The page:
Call for coherent policy approach for tobacco, alcohol and cannabis

The upcoming cannabis referendum could be the first step to an evidence-based approach to policy for the psychoactive drugs New Zealanders consume the most.

Cannabis plants
Cannabis referendum the opportunity for consistent and evidence based policy for society's most consumer psychoactive drugs.

The upcoming referendum on cannabis may generally align the status of cannabis with that of other legal drugs. Yet, Professor Benedikt Fischer, an expert on psychoactive substance policy, and co-authors, suggest that New Zealand should go further and develop a more coherent, integrated and evidence-based approach to cannabis, alcohol and tobacco.

This is the main message from Professor Fischer and co-authors in a commentary published in Drug and Alcohol Review this week.

The commentary argues the potential and actual harm caused by all three substances could be better reduced with policies more consistently based on scientific evidence and with the health of the population top of mind.

The authors note several, substantial inconsistencies – assuming cannabis becomes legal - in how the three most commonly used psychoactive substances are to be regulated for sale and use. An example of the inconsistency is the proposal that cannabis use be restricted to private homes (or rare, designated cannabis use premise yet to be defined).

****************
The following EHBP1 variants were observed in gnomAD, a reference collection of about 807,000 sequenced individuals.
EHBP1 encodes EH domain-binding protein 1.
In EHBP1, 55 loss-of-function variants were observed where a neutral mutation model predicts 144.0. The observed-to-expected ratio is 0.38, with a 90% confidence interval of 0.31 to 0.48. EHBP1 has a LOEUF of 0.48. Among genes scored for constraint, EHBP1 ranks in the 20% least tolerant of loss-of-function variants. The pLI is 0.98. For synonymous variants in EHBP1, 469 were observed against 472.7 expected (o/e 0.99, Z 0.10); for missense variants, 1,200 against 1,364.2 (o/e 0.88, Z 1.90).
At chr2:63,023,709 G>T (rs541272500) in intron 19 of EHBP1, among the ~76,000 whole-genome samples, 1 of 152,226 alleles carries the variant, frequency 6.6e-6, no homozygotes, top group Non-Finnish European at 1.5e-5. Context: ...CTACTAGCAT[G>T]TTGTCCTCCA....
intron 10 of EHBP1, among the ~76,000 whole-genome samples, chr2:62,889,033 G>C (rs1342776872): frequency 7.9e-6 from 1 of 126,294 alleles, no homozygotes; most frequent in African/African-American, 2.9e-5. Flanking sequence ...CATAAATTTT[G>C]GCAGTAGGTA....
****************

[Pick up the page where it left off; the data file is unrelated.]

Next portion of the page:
“There have been longstanding efforts to move tobacco smoking out of homes to reduce the hazard to children and non-smokers. Unlike tobacco, which can be smoked in most public spaces, the use of cannabis in public is disallowed.”

The cannabis referendum proposes a minimum use age of 20, when it is 18 for alcohol and tobacco sales. Cannabis will only be available from ‘licensed retail premises’ whereas alcohol and tobacco can be bought at general retail facilities, including supermarkets.

“All three substances can cause substantial, yet differential harm and their regulation and use should be based on a consistent, science-informed and health-focused approach,” he says.

This would enable New Zealand to have a more proportionate and coherent approach to regulating, and educating people about the use of tobacco, alcohol and cannabis, monitoring and for providing appropriate interventions to address the risks for acute and long-term harm to users and others.

Professor Fischer envisages a possible government-controlled distribution system for all non-medical psychoactive substances. “An aim would be to prevent commercial interests from undermining public health objectives regarding sales, marketing, and ensuring consumers were provided evidence-based information about the risks and effects of use, and co-use of each of the substances.

Media contact

Gilbert Wong,  021917 942